NEW DELHI (Reuters) - State-run Oil India (OILI.NS) is looking to buy stakes in U.S. gas driller Chesapeake Energy Corp.’s (CHK.N) Mississippi Lime basin and ConocoPhillips’ (COP.N) oil sand assets in Canada, its head of finance said on Monday.
The cash-rich Indian explorer, whose assets in India’s north-east account for its entire crude oil production and the bulk of gas production, has been aggressively scouting to bolster its overseas assets portfolio.
Oil India has earmarked 60-70 billion rupees ($1.3 billion) for overseas acquisition, T.K. Ananth Kumar told reporters after announcing the company’s quarterly results.
He said the company had identified the U.S., Canada, Australia and parts of Africa for acquisitions and hoped to seal a deal in the current fiscal year that began on April 1.
When asked if the opportunities included Chesapeake’s Mississippi stake, to which the company had earlier been linked, he replied “yes”.
Chesapeake has put several assets up for sale, as the second-largest U.S. natural gas producer scrambles to raise cash to close a $9 billion to $10 billion funding shortfall.
“Any decision (on buying a stake in Chesapeake’s Mississippi asset) will be taken after technical, commercial and political due diligence,” Oil India Chairman S. K. Srivastava said.
Chesapeake came under intense pressure from investors to improve its corporate governance after Reuters reported in April that its chief executive Aubrey McClendon had taken out more than $1 billion in loans using his personal stakes in thousands of company wells as collateral.
India, the world’s fourth-largest oil importer, imports about 80 percent of its crude needs, and has been scouting for oil and gas assets abroad to meet rising local demand and to feed its expanding refining capacity.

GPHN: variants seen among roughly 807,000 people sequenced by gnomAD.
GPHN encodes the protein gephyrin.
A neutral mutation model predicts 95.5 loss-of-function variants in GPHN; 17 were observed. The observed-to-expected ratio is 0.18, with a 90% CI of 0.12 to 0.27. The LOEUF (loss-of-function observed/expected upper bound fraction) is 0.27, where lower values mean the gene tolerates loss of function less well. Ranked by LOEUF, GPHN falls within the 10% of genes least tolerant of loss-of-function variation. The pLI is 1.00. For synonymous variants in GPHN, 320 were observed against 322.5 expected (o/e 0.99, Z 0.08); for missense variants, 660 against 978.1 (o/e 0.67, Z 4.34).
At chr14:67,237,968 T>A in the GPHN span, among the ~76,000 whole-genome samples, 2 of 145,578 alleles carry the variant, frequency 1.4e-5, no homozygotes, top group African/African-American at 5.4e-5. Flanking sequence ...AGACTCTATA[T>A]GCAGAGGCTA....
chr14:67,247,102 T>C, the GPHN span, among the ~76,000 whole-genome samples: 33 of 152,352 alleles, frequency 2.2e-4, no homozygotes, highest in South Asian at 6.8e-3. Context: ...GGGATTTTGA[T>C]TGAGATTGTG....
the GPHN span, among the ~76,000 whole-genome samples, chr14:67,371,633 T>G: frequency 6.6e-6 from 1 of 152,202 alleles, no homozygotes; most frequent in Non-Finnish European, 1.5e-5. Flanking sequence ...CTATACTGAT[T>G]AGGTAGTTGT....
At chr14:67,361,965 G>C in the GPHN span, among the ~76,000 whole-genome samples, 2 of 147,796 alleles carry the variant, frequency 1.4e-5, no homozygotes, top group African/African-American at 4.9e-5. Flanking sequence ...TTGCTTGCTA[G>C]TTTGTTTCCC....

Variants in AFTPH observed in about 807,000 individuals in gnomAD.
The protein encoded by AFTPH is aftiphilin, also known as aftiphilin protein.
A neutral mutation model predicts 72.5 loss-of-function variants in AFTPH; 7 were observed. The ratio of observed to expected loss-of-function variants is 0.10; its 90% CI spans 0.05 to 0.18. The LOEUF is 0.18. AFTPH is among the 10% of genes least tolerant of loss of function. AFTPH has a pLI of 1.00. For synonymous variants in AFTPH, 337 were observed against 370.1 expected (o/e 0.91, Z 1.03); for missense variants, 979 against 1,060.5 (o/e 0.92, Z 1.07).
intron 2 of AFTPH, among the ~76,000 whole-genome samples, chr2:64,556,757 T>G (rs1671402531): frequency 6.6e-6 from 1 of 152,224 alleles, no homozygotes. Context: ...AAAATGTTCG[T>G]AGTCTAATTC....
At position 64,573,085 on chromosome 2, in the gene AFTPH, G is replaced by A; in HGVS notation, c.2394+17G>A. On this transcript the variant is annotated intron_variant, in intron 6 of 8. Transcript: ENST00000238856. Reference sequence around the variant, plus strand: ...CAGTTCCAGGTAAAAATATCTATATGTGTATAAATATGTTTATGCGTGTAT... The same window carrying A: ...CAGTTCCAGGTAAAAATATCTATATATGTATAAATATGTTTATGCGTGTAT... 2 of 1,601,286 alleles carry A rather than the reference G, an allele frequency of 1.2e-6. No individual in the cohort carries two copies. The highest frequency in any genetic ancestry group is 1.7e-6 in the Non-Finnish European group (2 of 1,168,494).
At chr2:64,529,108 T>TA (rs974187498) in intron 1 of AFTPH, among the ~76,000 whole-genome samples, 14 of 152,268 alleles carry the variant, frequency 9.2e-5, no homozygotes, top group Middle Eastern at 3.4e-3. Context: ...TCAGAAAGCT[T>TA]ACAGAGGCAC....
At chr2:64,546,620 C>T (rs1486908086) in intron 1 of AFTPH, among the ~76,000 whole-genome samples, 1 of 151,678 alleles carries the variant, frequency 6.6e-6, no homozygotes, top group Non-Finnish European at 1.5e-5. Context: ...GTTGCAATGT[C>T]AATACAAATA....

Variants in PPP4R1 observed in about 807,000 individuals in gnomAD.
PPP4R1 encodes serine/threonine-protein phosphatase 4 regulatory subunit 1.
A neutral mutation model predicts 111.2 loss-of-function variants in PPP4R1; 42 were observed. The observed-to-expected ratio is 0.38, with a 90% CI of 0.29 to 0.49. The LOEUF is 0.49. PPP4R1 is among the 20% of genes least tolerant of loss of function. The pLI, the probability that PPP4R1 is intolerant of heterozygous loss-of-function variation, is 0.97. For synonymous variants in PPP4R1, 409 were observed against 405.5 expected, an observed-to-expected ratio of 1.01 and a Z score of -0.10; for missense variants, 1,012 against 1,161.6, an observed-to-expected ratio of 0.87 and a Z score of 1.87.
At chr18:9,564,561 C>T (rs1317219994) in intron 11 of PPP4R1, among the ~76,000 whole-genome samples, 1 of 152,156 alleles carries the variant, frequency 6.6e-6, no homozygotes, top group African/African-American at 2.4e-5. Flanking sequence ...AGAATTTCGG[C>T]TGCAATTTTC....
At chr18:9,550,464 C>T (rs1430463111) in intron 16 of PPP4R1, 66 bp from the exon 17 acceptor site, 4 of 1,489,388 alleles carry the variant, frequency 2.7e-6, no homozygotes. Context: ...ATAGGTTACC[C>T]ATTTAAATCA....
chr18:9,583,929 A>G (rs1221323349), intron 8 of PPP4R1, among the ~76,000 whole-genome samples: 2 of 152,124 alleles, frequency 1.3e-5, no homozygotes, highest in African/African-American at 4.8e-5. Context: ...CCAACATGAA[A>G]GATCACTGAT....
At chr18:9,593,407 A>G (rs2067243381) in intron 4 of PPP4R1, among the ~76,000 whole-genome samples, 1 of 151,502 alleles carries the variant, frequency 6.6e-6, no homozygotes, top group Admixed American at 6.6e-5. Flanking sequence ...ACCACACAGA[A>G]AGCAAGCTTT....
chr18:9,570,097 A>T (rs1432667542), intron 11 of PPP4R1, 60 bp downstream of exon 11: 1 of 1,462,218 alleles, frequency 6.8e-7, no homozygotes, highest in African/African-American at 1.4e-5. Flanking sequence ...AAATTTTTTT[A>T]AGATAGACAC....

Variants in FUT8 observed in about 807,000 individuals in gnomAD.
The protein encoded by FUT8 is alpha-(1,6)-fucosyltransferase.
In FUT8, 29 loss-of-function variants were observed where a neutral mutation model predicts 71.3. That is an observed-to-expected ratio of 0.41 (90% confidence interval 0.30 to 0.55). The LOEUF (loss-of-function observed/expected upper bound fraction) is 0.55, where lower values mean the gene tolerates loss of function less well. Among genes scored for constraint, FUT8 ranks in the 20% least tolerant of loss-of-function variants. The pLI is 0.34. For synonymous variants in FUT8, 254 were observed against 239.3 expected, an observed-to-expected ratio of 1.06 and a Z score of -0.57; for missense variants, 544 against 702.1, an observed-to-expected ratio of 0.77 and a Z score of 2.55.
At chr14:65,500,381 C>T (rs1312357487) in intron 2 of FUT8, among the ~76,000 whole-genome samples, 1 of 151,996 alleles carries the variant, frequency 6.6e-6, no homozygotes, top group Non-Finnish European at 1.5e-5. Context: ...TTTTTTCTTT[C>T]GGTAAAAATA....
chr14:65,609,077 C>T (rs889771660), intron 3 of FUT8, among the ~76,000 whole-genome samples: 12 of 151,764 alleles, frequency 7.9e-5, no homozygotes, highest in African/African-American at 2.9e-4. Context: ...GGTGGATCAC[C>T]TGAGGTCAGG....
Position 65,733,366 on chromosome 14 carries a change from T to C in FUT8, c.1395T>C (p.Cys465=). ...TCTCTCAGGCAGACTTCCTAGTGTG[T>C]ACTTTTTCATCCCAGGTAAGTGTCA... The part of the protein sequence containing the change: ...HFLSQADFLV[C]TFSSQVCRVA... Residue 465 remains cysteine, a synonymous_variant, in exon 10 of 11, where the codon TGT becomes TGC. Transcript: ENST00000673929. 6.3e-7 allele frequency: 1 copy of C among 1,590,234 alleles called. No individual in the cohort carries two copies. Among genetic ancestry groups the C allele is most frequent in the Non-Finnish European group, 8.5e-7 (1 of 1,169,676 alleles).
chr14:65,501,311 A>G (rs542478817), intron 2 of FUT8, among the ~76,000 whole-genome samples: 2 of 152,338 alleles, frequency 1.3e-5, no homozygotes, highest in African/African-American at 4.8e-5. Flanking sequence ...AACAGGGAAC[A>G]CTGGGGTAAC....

The government allowed Oil India to go global in late-2005 and since then it has acquired stakes in assets in Venezuela, Libya, Gabon, Iran, Egypt, Yemen, Nigeria and Sudan.
“For unconventional assets, we can spend $100 million-$200 million. We don’t want to be operators as we don’t have experience in that. We will go as joint venture partners for unconventional hydrocarbon assets,” Kumar told reporters.
“For conventional, like Maurel et Prom’s assets, we can spend up to $1.5 billion,” he said.
The company is still in the race to buy a stake in the Gabon assets of France’s Maurel et Prom (MAUP.PA), Kumar said. Oil India had earlier said it could partner with the African country for the assets, for which it had already done technical due diligence.
Earlier on Monday, Oil India posted a 21 percent decline in March quarter net profit to 4.45 billion rupees.
Separately, Kumar said the Indian government might sell some of its 78.4 percent stake in the company in the current fiscal year, part of the government’s plans to raise a total of 300 billion rupees ($5.4 billion) through stake sales to plug its fiscal deficit.
Reporting by Nidhi Verma, Writing by Prashant Mehra; editing by Malini Menon and Helen Massy-Beresford